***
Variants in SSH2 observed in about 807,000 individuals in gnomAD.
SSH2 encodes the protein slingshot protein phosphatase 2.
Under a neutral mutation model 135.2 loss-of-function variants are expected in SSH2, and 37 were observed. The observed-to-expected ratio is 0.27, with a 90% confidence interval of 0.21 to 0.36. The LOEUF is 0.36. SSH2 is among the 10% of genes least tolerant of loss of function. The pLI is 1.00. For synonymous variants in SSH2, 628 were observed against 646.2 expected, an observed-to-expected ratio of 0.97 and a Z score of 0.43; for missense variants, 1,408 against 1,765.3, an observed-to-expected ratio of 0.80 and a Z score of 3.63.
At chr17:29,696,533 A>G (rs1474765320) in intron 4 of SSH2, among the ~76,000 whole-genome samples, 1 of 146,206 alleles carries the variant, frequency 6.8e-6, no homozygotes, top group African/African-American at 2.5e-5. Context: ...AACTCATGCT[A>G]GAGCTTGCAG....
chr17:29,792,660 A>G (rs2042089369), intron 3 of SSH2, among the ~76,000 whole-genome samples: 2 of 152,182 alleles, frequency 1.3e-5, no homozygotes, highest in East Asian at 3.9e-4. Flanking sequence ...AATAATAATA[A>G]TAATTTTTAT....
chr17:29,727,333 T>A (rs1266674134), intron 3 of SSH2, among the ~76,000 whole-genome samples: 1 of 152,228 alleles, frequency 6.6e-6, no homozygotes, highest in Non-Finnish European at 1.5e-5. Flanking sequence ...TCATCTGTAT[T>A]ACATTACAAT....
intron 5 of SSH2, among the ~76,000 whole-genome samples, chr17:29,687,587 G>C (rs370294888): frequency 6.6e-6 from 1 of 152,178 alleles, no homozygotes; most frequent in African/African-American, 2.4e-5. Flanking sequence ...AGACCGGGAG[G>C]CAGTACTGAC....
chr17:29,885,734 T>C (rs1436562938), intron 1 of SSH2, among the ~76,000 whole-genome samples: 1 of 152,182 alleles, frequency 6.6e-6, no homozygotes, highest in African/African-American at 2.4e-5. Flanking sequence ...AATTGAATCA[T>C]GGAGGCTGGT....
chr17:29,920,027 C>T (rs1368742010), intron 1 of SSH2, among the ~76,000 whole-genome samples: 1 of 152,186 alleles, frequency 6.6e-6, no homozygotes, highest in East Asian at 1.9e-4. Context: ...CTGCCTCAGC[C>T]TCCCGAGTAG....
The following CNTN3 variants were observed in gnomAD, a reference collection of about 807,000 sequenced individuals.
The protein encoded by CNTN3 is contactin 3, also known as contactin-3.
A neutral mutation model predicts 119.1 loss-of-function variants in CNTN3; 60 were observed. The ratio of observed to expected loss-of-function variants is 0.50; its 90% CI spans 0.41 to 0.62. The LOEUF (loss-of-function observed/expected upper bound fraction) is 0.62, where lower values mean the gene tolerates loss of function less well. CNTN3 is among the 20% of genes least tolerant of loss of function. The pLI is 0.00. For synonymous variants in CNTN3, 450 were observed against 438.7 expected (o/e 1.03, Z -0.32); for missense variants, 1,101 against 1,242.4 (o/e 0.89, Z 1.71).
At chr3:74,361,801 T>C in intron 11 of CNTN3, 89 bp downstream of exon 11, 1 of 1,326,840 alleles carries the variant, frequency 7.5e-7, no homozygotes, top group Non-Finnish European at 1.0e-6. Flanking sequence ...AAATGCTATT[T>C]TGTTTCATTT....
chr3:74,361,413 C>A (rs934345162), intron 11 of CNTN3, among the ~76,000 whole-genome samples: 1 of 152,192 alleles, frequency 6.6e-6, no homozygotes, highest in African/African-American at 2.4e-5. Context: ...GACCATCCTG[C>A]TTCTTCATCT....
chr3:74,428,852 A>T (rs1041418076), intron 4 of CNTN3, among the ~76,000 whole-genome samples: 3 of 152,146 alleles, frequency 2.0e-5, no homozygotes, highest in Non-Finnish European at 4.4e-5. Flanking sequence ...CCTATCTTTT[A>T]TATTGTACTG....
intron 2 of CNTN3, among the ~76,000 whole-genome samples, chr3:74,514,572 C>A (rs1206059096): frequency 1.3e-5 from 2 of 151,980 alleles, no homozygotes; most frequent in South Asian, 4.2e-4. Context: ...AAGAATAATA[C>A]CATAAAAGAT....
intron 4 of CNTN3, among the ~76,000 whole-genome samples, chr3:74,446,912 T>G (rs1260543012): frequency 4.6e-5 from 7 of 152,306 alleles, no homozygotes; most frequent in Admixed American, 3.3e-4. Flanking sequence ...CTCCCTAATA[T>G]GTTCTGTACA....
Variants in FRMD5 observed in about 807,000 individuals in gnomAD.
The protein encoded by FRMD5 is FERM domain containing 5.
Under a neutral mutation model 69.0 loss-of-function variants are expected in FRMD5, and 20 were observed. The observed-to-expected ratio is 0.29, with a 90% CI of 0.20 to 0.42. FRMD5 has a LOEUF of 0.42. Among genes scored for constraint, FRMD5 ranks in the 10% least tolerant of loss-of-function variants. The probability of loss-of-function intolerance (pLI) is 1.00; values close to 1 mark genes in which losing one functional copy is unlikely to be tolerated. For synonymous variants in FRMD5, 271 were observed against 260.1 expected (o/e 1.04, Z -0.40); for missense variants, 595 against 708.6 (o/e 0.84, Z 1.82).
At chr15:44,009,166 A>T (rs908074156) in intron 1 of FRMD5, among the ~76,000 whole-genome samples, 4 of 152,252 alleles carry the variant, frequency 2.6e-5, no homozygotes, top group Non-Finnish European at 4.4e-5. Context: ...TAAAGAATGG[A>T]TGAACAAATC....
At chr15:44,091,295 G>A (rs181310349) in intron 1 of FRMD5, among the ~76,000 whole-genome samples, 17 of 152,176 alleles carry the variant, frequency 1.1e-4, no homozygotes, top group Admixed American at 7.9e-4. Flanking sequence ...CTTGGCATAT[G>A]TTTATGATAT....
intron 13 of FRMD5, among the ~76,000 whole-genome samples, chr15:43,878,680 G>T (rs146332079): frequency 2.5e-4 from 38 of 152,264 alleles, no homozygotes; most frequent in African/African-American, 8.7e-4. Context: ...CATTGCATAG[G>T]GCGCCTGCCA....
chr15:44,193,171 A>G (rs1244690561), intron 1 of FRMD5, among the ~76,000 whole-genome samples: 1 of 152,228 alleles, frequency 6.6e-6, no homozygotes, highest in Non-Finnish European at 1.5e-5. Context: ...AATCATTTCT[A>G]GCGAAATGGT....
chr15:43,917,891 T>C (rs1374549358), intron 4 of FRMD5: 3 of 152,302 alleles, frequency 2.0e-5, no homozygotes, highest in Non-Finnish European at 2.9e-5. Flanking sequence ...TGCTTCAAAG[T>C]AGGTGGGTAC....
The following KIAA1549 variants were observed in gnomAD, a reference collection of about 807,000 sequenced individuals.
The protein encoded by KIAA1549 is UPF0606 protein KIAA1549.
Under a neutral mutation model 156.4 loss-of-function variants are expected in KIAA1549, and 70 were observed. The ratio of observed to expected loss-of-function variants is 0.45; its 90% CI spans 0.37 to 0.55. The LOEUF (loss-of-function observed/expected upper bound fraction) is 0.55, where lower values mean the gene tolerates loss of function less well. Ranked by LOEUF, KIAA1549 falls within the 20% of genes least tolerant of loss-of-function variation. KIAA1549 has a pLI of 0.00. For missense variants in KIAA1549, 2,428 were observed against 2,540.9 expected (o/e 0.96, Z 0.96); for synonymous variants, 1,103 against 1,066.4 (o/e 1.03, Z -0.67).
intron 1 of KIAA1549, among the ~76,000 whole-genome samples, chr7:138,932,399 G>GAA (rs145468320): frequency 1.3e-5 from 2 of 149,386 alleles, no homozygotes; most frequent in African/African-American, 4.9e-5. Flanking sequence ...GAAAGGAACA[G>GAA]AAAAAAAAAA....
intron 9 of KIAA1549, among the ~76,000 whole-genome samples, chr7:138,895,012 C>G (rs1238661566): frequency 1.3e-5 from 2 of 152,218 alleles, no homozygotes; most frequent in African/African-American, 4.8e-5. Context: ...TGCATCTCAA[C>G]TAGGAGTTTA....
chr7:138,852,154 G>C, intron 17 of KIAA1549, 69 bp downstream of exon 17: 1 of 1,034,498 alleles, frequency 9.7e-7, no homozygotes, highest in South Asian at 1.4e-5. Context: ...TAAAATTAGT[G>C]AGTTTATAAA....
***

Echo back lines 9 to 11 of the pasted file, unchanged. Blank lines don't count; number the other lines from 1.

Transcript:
chr17:29,920,027 C>T (rs1368742010), intron 1 of SSH2, among the ~76,000 whole-genome samples: 1 of 152,186 alleles, frequency 6.6e-6, no homozygotes, highest in East Asian at 1.9e-4. Context: ...CTGCCTCAGC[C>T]TCCCGAGTAG....
The following CNTN3 variants were observed in gnomAD, a reference collection of about 807,000 sequenced individuals.
The protein encoded by CNTN3 is contactin 3, also known as contactin-3.